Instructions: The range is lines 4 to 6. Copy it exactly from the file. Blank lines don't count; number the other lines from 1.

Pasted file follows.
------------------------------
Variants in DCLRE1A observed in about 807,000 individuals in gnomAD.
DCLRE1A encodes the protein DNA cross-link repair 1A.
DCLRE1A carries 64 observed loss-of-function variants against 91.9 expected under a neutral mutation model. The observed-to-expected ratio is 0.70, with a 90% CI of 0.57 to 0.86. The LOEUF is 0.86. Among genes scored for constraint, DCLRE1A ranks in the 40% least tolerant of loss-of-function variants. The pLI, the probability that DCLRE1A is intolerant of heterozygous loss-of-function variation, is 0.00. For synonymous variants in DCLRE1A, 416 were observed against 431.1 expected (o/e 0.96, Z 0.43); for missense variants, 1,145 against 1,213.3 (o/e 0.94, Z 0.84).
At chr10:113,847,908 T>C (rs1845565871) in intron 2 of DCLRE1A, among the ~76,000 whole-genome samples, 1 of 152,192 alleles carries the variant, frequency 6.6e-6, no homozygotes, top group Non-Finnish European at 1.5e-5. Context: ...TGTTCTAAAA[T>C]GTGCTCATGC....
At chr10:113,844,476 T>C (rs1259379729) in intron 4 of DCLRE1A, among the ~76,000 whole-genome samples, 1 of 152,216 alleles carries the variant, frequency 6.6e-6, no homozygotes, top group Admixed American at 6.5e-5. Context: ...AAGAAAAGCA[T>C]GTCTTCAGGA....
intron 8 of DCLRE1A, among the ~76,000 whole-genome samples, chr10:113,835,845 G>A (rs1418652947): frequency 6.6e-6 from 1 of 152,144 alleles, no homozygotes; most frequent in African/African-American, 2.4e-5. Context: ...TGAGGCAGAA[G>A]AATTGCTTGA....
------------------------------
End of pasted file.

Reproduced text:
At chr10:113,847,908 T>C (rs1845565871) in intron 2 of DCLRE1A, among the ~76,000 whole-genome samples, 1 of 152,192 alleles carries the variant, frequency 6.6e-6, no homozygotes, top group Non-Finnish European at 1.5e-5. Context: ...TGTTCTAAAA[T>C]GTGCTCATGC....
At chr10:113,844,476 T>C (rs1259379729) in intron 4 of DCLRE1A, among the ~76,000 whole-genome samples, 1 of 152,216 alleles carries the variant, frequency 6.6e-6, no homozygotes, top group Admixed American at 6.5e-5. Context: ...AAGAAAAGCA[T>C]GTCTTCAGGA....
intron 8 of DCLRE1A, among the ~76,000 whole-genome samples, chr10:113,835,845 G>A (rs1418652947): frequency 6.6e-6 from 1 of 152,144 alleles, no homozygotes; most frequent in African/African-American, 2.4e-5. Context: ...TGAGGCAGAA[G>A]AATTGCTTGA....